We all know how frustrating it can be trying to call and speak to a "real live person" in the customer service department at a big name company, and now, scammers are taking advantage of that too!
So, how do the scams work? And how can you protect yourself?
Their Facebook page is colorful, inspirational, and popular, too, with more than 170,000 followers.
And apparently vulnerable to hackers, who replaced wholesome posts on the "sisters in Christ" Facebook fan page with "adult content".
"We just immediately panicked," said Teresa Allissa Citro.
Worried about the site's reputation, Teresa searched online for "Facebook phone tech support" and found several numbers.
She called the first one that popped up. The person who answered said for $129, they'd rescue their page from the hackers, and keep them out.
"They also were supposedly putting on some kind of a device so that we couldn't be hacked again," said Citro.
Turns out Teresa wasn't talking to Facebook.
In fact, the social networking giant doesn't even offer "phone tech support".
Facebook says, "this was undoubtedly a scam".
And the feds say they've received thousands of complaints about similar "tech support scams."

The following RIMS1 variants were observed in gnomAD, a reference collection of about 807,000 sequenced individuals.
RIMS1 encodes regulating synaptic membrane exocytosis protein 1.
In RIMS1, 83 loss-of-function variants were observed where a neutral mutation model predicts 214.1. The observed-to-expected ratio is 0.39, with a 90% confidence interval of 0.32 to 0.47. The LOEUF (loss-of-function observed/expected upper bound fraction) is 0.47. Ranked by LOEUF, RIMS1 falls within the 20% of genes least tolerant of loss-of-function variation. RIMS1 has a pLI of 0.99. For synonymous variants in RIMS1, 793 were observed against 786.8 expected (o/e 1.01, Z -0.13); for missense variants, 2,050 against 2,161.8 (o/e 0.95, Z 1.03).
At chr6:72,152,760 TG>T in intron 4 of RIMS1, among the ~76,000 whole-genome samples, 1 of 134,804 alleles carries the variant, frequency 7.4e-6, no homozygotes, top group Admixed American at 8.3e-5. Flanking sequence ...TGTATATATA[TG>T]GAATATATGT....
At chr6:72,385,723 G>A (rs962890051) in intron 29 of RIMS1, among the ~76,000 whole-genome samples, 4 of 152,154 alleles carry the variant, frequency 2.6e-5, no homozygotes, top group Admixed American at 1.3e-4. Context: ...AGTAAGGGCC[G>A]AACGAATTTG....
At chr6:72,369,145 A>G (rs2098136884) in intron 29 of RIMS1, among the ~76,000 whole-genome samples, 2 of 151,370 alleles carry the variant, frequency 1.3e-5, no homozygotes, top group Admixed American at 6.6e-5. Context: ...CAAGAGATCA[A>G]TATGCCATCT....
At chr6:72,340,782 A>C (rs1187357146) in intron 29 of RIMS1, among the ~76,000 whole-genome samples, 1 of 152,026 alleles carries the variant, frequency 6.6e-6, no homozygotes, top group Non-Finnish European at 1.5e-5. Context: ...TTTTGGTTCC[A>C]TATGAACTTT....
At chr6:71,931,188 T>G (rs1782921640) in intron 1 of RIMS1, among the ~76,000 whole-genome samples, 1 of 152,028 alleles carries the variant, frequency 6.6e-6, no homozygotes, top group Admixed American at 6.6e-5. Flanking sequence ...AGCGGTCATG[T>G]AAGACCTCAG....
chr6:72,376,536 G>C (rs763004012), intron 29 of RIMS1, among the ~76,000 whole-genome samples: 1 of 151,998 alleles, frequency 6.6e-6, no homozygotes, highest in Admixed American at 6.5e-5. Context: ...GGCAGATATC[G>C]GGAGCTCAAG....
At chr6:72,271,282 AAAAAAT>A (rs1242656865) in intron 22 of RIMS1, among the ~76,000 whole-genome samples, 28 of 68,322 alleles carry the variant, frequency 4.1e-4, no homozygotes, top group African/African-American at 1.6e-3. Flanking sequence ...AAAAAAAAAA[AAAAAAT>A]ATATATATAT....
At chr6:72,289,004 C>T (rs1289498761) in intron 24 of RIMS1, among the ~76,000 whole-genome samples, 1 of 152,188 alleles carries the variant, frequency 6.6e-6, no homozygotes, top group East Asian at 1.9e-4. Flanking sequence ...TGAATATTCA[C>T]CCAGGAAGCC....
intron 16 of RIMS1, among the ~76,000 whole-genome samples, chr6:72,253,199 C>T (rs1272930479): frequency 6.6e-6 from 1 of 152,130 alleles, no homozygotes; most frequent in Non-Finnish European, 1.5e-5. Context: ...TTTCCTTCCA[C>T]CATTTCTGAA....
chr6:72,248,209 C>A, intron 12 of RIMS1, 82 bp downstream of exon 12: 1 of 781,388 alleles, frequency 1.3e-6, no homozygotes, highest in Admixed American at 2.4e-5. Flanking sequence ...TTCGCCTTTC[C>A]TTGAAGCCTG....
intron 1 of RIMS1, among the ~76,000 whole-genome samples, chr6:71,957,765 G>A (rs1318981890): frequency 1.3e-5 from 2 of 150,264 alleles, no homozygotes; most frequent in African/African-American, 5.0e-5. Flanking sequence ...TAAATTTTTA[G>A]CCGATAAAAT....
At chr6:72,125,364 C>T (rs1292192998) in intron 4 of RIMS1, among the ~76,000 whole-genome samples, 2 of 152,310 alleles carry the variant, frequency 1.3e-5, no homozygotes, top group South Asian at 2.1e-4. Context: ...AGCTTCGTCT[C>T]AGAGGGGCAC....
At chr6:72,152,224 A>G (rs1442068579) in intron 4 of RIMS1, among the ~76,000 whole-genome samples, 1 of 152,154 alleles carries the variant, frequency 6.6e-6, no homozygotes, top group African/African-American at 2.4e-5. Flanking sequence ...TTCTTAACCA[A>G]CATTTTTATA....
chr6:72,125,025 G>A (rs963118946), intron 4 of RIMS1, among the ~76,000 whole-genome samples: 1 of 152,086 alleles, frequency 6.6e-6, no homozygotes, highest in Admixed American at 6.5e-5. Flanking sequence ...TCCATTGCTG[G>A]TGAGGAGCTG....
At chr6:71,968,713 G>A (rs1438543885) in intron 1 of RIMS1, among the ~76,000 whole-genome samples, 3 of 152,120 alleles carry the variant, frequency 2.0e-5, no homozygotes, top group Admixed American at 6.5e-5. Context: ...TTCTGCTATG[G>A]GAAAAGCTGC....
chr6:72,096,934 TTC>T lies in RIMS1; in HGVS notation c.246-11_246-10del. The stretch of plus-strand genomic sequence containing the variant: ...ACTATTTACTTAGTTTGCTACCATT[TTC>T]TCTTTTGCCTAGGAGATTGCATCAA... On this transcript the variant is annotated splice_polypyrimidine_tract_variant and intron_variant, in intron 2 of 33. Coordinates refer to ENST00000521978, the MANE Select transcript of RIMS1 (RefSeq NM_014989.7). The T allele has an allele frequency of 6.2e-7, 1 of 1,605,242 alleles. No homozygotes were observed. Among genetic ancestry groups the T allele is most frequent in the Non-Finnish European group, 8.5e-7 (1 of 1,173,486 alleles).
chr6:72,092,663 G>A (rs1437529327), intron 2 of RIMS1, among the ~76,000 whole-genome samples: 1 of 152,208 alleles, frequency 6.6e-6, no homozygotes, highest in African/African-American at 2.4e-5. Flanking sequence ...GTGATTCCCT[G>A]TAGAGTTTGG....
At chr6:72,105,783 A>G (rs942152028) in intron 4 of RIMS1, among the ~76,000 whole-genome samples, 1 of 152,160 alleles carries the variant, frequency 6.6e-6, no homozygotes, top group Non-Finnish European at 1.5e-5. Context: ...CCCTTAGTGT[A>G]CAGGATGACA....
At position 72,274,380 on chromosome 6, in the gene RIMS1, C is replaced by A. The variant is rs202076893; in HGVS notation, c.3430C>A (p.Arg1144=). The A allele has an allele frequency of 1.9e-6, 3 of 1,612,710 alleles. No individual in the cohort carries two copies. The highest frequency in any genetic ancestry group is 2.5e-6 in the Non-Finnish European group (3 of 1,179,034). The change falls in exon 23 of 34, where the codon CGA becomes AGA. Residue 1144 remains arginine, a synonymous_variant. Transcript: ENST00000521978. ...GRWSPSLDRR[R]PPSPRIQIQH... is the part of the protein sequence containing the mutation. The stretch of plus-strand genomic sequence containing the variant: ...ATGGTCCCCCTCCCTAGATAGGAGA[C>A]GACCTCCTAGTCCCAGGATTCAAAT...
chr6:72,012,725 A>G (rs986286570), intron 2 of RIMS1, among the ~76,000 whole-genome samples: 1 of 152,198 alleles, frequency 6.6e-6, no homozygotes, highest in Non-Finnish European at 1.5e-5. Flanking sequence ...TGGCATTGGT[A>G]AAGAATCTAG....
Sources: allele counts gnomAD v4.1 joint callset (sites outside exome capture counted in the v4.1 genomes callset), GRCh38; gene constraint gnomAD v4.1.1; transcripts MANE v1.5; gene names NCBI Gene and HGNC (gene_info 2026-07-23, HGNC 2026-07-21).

"The goal is to get consumers to pay hundreds of dollars for unnecessary computer repair services," Atty. Colleen Robbin.
The Federal Trade Commission recently launched a major tech support scam crack down, filing complaints against several companies based mostly in India.
"It was very interesting how persuasive the defendants were in trying to trick consumers," said Robbin.
The FTC says scammers rely on two different schemes. They either cold-call you, claiming to be major companies like Microsoft, Norton, McAfee and dell, or they lure you into calling fake online tech support listings, like the one Teresa fell for.
In both instances, the scammers try to convince you to give them remote access to your computer.
Producer: "you can only help me by getting in my computer?"
Tech support operator: "I can just help you out only if you allow me to get into your computer ma'am. Ma'am ,you can trust me, okay, we just work for Facebook."
Once in, they try to sell you repair services, or scare you by telling you it's riddled with viruses and mal ware.
"But there's nothing wrong with your computer and they're not going to fix it for you," said Robbin.
Now Teresa hopes she's "inspiring" others not to fall for this tech support scheme.
"I never expected that I wasn't speaking to Facebook because they answered the phone call with 'this is Facebook technical support,'" said Citro.
Experts say don't use online search results to find a company's tech support number.
Go to the company's website directly and look for that contact information.
And if you've been ripped off by a tech support scam, be sure to report it to the FTC.
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